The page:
So the other day I’m surfing the interwebz, checking out job listings for copywriters. And I came across a listing that requested, among other things, my Klout score.
Now what the hell is a Klout score?!
If I don’t know what mine is, is it correct to assume it’s low? (Or, if low is good, that it’s [possibly dangerously] high?) I put an abrupt halt to the job search and started investigating Klout instead.*
Klout is a company that has a secret formula (called an algorithm) that measures your influence in the world (of Social Media)—Twitter, Facebook, LinkedIn, Google+, and Foursquare. (“We Believe That Everyone Has Influence. Our Goal Is To Help You Understand & Leverage That Influence.”)
Now this is an intriguing idea. You know why they would want to do this, right? Because people who want to sell you things (marketers) like to know how to reach people. Better yet: To reach people who can persuade still more people to buy things. In the olden days, they’d invite a bunch of magazine editors to a press lunch and hand out goody bags. (I once got a neat mini blender that way.) But more and more people are getting their information and inspiration from other sources now, and it’s been a struggle for marketers to know who’s who on this new world’s “masthead.”
Enter Klout. Like I said, Klout has a way to figure out how much influence you have based on your social media activity. The highest score is 100. Categories you can be “influential” in include: Cupcakes, handbags, wheelchairs, McDonalds, and calculus. And as silly as it might sound, if you’re on Klout and you have influence in a certain area, you can get “perks.” Past perks have included free Virgin Air tickets, first crack at Spotify, and Microsoft’s Windows Phones.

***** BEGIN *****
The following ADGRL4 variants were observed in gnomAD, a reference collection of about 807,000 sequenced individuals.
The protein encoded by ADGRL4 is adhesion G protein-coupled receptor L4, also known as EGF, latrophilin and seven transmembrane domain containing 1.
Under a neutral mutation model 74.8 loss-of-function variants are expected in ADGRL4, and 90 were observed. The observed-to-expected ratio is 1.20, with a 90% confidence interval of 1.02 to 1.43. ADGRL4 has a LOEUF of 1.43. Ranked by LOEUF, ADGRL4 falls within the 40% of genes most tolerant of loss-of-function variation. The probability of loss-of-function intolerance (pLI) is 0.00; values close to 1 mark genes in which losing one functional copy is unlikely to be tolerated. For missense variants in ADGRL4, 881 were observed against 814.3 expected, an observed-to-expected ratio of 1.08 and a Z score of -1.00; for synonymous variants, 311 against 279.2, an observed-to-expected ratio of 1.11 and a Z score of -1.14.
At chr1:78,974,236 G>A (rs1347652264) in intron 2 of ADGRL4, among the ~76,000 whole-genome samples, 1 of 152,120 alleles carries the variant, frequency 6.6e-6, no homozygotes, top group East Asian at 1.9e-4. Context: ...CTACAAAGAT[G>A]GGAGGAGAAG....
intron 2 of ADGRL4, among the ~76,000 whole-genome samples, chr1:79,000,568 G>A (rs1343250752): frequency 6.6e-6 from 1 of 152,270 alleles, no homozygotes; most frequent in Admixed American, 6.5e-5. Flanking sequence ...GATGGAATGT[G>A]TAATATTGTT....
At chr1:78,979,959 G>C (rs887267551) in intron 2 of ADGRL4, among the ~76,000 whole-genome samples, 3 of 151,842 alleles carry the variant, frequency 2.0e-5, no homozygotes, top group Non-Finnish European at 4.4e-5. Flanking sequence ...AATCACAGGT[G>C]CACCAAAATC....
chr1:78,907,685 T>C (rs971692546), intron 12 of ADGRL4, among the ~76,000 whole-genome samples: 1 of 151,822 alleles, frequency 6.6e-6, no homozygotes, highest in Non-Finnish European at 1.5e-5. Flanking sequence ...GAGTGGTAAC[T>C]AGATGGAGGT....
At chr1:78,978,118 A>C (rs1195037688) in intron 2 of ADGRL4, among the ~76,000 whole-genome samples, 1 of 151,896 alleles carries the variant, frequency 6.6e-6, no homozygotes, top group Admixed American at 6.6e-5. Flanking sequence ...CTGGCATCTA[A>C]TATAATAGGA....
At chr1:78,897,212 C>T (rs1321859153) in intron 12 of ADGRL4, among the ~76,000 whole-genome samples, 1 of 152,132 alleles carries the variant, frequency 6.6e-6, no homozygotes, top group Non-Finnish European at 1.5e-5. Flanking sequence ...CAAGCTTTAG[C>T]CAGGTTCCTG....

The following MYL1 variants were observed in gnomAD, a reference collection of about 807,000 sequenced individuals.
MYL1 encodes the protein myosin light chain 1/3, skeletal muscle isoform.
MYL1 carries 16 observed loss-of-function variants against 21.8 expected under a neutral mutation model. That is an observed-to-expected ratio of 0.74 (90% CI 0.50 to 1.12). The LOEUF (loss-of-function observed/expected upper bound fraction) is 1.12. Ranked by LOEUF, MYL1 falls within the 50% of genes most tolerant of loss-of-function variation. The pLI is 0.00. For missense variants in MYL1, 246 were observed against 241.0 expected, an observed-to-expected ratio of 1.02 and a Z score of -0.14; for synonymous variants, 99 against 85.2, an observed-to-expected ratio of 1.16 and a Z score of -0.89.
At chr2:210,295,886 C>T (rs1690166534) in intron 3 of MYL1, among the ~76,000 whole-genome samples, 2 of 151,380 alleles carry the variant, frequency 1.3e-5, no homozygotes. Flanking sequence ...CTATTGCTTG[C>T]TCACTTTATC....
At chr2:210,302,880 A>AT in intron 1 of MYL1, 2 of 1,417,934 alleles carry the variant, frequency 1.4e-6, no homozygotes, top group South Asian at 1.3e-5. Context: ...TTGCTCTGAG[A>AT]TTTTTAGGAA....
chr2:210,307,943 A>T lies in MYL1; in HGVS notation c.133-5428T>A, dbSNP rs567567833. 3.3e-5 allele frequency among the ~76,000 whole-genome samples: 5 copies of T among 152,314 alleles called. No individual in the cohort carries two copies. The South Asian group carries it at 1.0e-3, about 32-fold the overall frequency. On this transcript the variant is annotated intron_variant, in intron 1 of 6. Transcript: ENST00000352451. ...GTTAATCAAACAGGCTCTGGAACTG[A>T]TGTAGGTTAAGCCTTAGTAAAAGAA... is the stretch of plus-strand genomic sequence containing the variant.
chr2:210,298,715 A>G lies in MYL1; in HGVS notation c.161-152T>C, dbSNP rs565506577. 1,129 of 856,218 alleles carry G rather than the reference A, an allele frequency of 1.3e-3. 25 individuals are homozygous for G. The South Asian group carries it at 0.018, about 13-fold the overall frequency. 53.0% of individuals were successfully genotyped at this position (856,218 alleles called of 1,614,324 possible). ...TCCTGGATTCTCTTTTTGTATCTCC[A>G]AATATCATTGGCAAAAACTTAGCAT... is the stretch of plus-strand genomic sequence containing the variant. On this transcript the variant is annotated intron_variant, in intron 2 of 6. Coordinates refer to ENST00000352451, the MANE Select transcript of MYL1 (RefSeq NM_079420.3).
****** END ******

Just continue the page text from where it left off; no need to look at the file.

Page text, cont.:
But with great perks come potential pitfalls. What if your Klout score sucks? What about the jerks who are gaming the system? If you go for Klout, are you also going to have to look into Kred? (Kred is like Klout, for Twitterers only. Also like Klout, it’s a C word spelled with a K, and for the same reason the Kremlin is the Kremlin and not the Cremlin. It’s kooler.)
At this point in time, I’m not going to jump on the Klout bandwagon. I don’t Tweet. I think Foursquare is intrusive. I’m more of a “friendly stalker” on Facebook than someone who comments and shares, so I’m not going to get any Klout there, either. But as a writer who more often that not works with marketers, it helps to keep up with what’s going on in social media. Even the icky stuff, like analytics, measuring things, and “influence.”
If you, too, are low on Klout capital, don’t sweat it too much (yet.) Their system’s not perfected, and there’s controversy about how much it matters until it is:
“Klout’s pervasive problem is that the deeper among us are never going to judge anyone based solely on some arbitrary decimal score. Especially when that decimal number ranks teenbot Justin Beiber at 100, but precludes me from claiming Windows Phone 7 “Klout Perk” and tickets to a Matt and Kim concert because I don’t have enough technology Klout.”—Alexia Tsotsis
Alexia Tsotsis writes about technology at TechCrunch, and technically probably should be considered an “influencer.” After getting all het up about media clout and cred, I have to admit her headline warmed my heart. If I ever do join Twitter, she’ll be the first person I’ll follow.
* Note to policy wonks: To fix unemployment, disable the internet. It’s a time suck.